Skip to main content

Thank you for visiting You are using a browser version with limited support for CSS. To obtain the best experience, we recommend you use a more up to date browser (or turn off compatibility mode in Internet Explorer). In the meantime, to ensure continued support, we are displaying the site without styles and JavaScript.

Transiently elevated diastolic blood pressure is associated with a gender-dependent effect on cardiovascular risk


We assessed the morbidity and mortality of subjects with transiently elevated diastolic pressure in the General Practice Hypertension Study Group (GPHSG) population. A total of 23 578 patients (aged 18–65 years) from seven UK general practices were screened in 1974 for a diastolic blood pressure (DBP4) of 90 mmHg. Two further readings of DBP4 determined hypertensive (either DBP490 mmHg) or transient hypertensive (both DBP4<90 mmHg) status. Transients (n=850) were matched with normotensive controls (n=824) and risk ratios calculated over a mean follow-up of 18.7 years. Rescreening was conducted in six of the practices (n=20 942) after 7.7 years. Male transients had a higher relative hazard for cardiovascular mortality than controls (11.8%, 8.6%, adjusted relative hazard 1.59, P=0.056). Female transients had a lower relative hazard for cardiovascular mortality than controls (3.6%, 5.4%, adjusted relative hazard 0.39, P=0.018). In all, 422 patients with transient hypertension were rescreened along with 367 matched controls. Significantly more transients were on antihypertensive treatment compared with their controls (odds ratio (OR) [95% CI]) for both male (4.2 [1.6–11.1]) and female patients (2.4 [1.0–5.56]) and more untreated female transients developed hypertension. Male transients had a higher rates of diabetes mellitus (adj OR=5.1, P=0.04) and stroke (adj OR 15.9, P=0.03). This study has shown that transiently elevated DBP in GPHSG is associated with a significantly higher risk of later hypertension in men and women and of diabetes, stroke and cardiovascular mortality in men. Women with this condition have a significantly lower cardiovascular mortality.

This is a preview of subscription content

Access options

Buy article

Get time limited or full article access on ReadCube.


All prices are NET prices.


  1. Mancia G et al. Effects of blood-pressure measurement by the doctor on patient's blood pressure and heart rate. Lancet 1983; 2: 695–698.

    CAS  PubMed  Article  Google Scholar 

  2. Parati G et al. Difference between clinic and daytime blood pressure is not a measure of white coat effect. Hypertension 1998; 31: 1185–1189.

    CAS  PubMed  Article  Google Scholar 

  3. Little P et al. Comparison of agreement between different measures of blood pressures in primary care and daytime ambulatory blood pressure. BMJ 2002; 325: 254–257.

    PubMed  PubMed Central  Article  Google Scholar 

  4. Pickering TG et al. How common is white coat hypertension? JAMA 1988; 259: 225–228.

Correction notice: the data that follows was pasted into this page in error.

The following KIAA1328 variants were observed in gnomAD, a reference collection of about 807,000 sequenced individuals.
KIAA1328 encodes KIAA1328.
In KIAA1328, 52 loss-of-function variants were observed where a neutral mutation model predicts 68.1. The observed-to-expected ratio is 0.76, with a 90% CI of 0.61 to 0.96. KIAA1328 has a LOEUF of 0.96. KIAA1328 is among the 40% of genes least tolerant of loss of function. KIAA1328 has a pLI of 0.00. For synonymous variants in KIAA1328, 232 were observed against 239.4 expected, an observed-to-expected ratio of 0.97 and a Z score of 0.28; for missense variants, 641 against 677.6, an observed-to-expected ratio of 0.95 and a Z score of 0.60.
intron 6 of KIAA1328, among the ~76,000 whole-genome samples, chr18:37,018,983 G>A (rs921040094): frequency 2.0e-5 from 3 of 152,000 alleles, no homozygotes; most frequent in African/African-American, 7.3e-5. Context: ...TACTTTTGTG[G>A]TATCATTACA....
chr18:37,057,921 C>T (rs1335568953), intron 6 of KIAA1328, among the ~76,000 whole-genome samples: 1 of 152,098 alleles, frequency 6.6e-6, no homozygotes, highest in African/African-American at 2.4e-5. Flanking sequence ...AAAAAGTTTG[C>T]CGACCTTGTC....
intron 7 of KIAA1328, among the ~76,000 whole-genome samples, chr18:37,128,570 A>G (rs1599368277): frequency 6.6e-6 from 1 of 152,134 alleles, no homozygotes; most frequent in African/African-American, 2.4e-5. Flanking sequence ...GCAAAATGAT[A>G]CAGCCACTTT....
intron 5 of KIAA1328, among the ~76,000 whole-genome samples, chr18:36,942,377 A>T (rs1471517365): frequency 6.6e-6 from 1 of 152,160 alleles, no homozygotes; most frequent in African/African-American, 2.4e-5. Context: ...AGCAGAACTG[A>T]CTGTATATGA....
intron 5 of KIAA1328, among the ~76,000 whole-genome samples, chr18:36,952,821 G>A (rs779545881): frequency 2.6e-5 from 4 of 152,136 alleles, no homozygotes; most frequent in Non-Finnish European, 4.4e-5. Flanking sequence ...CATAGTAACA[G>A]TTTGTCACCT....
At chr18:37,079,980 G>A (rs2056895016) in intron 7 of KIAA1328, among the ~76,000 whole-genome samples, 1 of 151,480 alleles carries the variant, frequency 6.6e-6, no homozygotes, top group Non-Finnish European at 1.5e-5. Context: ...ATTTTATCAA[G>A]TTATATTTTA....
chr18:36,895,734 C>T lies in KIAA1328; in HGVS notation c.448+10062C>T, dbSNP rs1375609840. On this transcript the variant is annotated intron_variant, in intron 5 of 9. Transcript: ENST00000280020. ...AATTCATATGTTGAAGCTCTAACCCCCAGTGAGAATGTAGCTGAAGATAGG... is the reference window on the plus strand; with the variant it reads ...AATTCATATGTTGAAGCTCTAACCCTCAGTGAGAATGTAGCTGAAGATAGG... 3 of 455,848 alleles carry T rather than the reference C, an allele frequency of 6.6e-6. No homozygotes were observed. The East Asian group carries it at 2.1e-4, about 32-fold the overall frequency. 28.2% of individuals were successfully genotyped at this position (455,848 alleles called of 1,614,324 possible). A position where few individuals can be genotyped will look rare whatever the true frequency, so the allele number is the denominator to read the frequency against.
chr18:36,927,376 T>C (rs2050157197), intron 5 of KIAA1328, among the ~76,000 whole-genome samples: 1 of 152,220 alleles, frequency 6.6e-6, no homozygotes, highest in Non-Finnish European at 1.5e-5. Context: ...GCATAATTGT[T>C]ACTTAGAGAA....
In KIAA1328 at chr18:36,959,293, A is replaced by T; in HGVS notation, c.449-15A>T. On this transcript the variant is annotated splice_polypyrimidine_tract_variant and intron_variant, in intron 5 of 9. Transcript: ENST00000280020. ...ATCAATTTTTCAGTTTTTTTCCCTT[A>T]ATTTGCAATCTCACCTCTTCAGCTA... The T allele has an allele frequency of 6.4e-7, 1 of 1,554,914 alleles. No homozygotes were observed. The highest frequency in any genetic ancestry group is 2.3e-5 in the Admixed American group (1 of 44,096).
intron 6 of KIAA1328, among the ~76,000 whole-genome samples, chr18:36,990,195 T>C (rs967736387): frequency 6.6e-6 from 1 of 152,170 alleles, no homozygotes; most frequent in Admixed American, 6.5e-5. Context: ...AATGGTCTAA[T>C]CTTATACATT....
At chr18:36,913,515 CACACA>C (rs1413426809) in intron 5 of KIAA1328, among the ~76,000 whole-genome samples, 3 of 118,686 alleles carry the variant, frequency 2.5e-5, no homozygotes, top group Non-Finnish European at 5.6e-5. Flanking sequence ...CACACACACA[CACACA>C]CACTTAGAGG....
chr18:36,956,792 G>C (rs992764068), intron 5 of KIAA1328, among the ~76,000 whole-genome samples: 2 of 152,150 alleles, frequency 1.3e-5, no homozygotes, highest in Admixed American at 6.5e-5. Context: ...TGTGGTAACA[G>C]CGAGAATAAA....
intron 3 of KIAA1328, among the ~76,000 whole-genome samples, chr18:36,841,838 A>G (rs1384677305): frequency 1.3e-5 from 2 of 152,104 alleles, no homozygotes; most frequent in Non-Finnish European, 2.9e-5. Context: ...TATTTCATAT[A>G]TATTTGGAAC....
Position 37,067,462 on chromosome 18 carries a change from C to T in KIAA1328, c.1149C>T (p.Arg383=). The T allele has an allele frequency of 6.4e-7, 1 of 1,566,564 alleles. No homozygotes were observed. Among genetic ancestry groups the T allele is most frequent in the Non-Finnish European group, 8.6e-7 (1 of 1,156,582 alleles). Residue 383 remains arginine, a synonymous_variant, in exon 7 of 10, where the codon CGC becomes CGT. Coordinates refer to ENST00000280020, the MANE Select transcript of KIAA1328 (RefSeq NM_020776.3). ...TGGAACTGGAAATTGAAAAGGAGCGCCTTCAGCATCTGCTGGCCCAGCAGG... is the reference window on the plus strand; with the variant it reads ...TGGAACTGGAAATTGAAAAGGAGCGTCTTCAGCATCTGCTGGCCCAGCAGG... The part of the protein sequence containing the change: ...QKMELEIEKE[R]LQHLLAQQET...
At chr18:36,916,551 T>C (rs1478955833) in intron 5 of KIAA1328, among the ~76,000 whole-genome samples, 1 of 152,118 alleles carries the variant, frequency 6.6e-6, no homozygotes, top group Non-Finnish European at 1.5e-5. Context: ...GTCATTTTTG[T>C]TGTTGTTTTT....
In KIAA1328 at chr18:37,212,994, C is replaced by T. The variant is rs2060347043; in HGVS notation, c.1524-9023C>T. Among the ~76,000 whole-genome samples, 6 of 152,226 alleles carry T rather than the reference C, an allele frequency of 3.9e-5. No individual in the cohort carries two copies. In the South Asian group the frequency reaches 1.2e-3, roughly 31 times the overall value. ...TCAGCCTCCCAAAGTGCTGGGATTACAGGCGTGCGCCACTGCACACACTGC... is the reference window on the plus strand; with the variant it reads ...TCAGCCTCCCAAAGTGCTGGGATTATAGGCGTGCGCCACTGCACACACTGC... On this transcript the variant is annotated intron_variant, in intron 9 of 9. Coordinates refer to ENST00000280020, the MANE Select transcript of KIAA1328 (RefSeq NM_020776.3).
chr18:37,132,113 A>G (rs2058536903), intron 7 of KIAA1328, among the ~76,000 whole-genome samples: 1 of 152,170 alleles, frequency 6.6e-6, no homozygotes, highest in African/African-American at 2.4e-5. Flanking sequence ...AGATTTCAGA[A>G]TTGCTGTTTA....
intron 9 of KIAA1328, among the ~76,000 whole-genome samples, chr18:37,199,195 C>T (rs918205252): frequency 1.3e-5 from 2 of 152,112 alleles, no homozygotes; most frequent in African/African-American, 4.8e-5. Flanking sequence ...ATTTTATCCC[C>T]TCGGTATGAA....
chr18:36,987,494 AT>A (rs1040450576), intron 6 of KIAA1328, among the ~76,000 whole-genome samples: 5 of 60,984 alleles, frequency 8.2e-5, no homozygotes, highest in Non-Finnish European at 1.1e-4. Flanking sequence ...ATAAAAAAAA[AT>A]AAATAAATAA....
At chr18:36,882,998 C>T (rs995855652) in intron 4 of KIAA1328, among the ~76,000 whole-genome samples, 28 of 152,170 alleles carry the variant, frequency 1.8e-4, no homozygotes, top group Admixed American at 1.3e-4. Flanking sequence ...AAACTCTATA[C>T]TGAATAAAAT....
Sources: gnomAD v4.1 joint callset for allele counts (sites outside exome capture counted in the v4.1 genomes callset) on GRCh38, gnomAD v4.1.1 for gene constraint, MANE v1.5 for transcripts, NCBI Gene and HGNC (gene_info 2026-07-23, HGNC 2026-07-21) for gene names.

CAS  Article  PubMed  Google Scholar 

  5. The Management Committee of the Australian Therapeutic Trial in Mild Hypertension. The Australian therapeutic trial in mild hypertension. Lancet 1980; 1: 1261–1267.

  6. Millar JA, Isles CG, Lever AF . Blood pressure, ‘white-coat’ pressor responses and cardiovascular risk in placebo group patients of the MRC Mild Hypertension trial. J Hypertens 1995; 13: 175–183.

    CAS  PubMed  Article  Google Scholar 

  7. Staessen JA et al. Randomised double-blind comparison of placebo and active treatment for older patients with isolated systolic hypertension. Lancet 1997; 350: 757–764.

    CAS  PubMed  Article  Google Scholar 

  8. Hypertension Detection and Follow-up Program Cooperative Group. Variability of blood pressure and the results of screening in the Hypertension Detection and Follow-up Program. J Chron Dis 1978; 31: 651–667.

  9. Amery A et al. Mortality and morbidity results from the European working party on high blood pressure in the elderly trial. Lancet 1985; 1: 1349–1354.

    CAS  PubMed  Article  Google Scholar 

  10. SHEP Cooperative Research Group. Prevention of stroke by antihypertensive drug treatment in older persons with isolated systolic hypertension. JAMA 1991; 265: 3255–3264.

  11. MacMahon S et al. Blood pressure, stroke and coronary heart disease. Part 1, prolonged differences in blood pressure: prospective observational studies corrected for the regression dilution bias. Lancet 1990; 335: 765–774.

    CAS  PubMed  Article  Google Scholar 

  12. Cerasola G et al. White-coat hypertension and cardiovascular risk. J Cardiovasc Risk 1995; 2: 545–549.

    CAS  PubMed  Article  Google Scholar 

  13. Cardillo C et al. Psychological reactivity and cardiac end-organ changes in White Coat Hypertension. Hypertension 1993; 21: 836–844.

    CAS  PubMed  Article  Google Scholar 

  14. Julius S et al. White Coat’ versus ‘Sustained’ borderline hypertension in Tecumseh, Michigan. Hypertension 1990; 16: 617–623.

    CAS  Article  PubMed  Google Scholar 

  15. Kuwajima I et al. Is white coat hypertension innocent? Structure and function of the heart in the elderly. Hypertension 1993; 22: 826–831.